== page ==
New research: COVID’s toll on learning comes with a $1 trillion price tag for students

"We need to maintain urgency—and we have to change the conversation from going back to what we had before the pandemic to doing better for our children," said DOE Secretary Miguel Cardona in a statement following the release of the Nation's Report Card.

Last week the National Assessment of Education Progress released nationwide federal test scores, revealing what has been the sharpest decline in math for 4th- and 8th-graders ever recorded in the Nation’s Report Card, in addition to a plummet in reading scores.

Not only is this a cause for concern as school districts continue to search for solutions to get their students caught up academically, but this drastic drop in achievement may also impact students’ futures in a way that can’t be measured on a report card.

New research suggests that the lifetime income of students will suffer a loss of nearly $1 trillion based on the results of the federal test scores, according to authors Tom Kane, a Harvard economist, and Douglas O. Staiger, an economics professor at Dartmouth.

“We interpret this evidence as saying that NAEP means something,” Staiger said in an interview with The 74, a nonprofit education-focused news organization. “When there are improvements in scores, those kids coming out of school are going to have better outcomes later in life. And we can infer from this recent decline that all the cohorts in school now are going to do a bit worse than we expected.”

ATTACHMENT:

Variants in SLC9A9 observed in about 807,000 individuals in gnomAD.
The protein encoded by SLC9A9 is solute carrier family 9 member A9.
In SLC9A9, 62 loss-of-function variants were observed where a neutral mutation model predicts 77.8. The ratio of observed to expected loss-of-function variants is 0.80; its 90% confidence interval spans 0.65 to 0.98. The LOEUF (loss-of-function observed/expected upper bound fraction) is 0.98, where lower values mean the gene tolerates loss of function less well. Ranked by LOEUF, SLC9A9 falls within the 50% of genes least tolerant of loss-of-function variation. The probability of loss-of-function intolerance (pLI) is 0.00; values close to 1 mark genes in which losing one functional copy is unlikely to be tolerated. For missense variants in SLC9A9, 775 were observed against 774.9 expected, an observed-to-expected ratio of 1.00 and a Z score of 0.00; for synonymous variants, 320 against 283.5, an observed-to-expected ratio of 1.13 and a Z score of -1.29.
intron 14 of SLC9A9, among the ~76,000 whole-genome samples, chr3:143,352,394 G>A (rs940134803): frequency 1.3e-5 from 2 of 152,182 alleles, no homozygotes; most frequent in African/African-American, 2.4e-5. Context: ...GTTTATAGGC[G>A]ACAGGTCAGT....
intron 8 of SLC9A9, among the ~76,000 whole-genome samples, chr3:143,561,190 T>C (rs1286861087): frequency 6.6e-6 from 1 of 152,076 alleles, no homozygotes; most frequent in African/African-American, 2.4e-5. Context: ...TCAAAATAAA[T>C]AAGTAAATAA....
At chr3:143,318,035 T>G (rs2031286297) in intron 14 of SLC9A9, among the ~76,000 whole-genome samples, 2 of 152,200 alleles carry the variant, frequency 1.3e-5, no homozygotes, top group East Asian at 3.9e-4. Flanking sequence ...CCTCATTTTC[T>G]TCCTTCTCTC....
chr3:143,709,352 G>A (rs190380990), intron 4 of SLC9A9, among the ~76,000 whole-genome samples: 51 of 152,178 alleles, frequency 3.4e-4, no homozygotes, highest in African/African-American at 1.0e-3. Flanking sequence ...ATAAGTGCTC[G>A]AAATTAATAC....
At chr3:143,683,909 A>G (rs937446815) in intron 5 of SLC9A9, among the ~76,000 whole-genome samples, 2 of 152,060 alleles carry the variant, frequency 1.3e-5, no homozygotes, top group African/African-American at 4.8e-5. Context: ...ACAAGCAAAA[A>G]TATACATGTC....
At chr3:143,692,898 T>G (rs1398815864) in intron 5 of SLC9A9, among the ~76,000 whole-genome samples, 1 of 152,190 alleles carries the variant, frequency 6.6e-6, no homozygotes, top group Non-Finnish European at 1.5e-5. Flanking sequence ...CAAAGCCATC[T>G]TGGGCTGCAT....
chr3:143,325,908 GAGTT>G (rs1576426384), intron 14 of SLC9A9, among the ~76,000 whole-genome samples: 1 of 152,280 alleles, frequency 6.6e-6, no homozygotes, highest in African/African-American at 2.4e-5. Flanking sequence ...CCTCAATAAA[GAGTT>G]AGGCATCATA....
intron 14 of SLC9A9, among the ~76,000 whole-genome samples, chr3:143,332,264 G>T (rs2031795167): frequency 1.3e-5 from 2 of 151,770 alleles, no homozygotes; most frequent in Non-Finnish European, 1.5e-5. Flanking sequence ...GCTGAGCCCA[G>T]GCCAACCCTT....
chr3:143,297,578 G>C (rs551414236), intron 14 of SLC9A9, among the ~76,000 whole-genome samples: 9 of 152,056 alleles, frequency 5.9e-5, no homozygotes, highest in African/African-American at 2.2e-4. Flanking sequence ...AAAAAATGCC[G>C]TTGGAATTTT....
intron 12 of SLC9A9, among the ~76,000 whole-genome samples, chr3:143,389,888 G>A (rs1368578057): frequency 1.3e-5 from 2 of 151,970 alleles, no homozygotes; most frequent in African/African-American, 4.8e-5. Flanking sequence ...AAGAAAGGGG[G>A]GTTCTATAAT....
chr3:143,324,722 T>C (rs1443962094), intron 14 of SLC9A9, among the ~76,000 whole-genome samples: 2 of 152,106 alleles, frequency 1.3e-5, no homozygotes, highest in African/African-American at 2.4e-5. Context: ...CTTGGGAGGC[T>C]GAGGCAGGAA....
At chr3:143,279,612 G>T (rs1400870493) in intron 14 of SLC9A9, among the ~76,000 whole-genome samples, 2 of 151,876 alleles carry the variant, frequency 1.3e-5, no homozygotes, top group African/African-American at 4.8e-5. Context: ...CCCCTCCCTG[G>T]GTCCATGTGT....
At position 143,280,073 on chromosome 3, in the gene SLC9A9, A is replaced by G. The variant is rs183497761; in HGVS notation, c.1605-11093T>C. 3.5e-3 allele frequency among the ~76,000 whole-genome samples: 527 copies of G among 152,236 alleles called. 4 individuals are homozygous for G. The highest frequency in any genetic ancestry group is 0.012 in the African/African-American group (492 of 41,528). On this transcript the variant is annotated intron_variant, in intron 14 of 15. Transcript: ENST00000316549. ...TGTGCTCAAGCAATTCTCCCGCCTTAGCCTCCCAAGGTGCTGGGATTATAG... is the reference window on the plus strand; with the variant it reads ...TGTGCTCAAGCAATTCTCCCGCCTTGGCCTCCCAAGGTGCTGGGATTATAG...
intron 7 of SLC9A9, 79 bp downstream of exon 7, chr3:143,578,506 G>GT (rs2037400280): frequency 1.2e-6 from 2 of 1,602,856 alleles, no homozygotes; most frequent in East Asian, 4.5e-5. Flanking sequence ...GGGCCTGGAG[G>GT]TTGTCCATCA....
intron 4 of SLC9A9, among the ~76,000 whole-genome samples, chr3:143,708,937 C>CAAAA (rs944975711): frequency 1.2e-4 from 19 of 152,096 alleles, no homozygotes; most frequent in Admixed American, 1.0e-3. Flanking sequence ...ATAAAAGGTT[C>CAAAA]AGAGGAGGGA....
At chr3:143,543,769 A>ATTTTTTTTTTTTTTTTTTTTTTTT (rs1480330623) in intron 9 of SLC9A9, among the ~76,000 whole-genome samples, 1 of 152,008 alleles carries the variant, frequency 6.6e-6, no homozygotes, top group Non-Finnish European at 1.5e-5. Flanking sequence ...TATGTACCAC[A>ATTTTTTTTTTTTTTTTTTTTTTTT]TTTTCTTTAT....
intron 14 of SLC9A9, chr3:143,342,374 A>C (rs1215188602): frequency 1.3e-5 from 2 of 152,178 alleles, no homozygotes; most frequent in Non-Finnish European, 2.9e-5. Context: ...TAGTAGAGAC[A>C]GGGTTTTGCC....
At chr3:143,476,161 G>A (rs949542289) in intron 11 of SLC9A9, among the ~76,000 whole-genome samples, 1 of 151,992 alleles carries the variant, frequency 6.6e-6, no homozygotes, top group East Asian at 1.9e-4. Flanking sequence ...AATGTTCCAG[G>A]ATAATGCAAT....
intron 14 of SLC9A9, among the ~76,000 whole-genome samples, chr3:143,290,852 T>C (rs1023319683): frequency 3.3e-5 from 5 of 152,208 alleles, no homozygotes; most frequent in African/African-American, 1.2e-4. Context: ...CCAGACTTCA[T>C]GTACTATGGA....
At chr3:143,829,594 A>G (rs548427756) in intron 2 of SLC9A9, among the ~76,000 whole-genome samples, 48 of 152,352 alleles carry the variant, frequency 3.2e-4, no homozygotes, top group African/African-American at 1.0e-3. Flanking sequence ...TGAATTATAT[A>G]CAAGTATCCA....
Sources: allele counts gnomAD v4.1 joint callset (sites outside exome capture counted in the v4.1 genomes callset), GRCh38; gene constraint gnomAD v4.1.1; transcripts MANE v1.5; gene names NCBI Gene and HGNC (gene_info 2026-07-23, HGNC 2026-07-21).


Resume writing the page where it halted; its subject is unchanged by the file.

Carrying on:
The authors evaluated federal test scores to predict the negative outcomes that students will bring into their futures as a result of the pandemic. Upon analysis, they found a positive correlation between growth in 8th-grade math and high school graduation, college enrollment and income. Furthermore, girls are less likely to become teen mothers in states with more academic growth and boys are less likely to be arrested, thus indicating a significance associated with academic achievement and life outcomes.

Although math and reading scores decline in every state, Staiger said progress is still being made.

“We’re still way ahead of where we were in the 1990s even though some states have slipped back,” he told The 74. “This doesn’t mean we shouldn’t be thinking about helping these cohorts, because we’ve now reset the norm. But we really should be celebrating the incredible things that schools and teachers have done over the last 30 years.”

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According to the study, the average drop in test scores correlates to a 1.6% decline in potential earnings, which adds up to $900 billion across the nation’s 48 million public school students. However, it’s important to mention that this projection assumes that the effects of student learning loss are permanent. Reversing this prediction would require drastic changes in K-12 education, according to U.S. Department of Education Secretary Miguel Cardona.

“We need to maintain urgency—and we have to change the conversation from going back to what we had before the pandemic to doing better for our children,” said Cardona in a statement following the release of the Nation’s Report Card. “If we do what we’ve done, we’re going to get what we’ve gotten.”

Micah Ward
Micah Ward
Micah Ward is a District Administration staff writer. He recently earned his master’s degree in Journalism at the University of Alabama. He spent his time during graduate school working on his master’s thesis. He’s also a self-taught guitarist who loves playing folk-style music.

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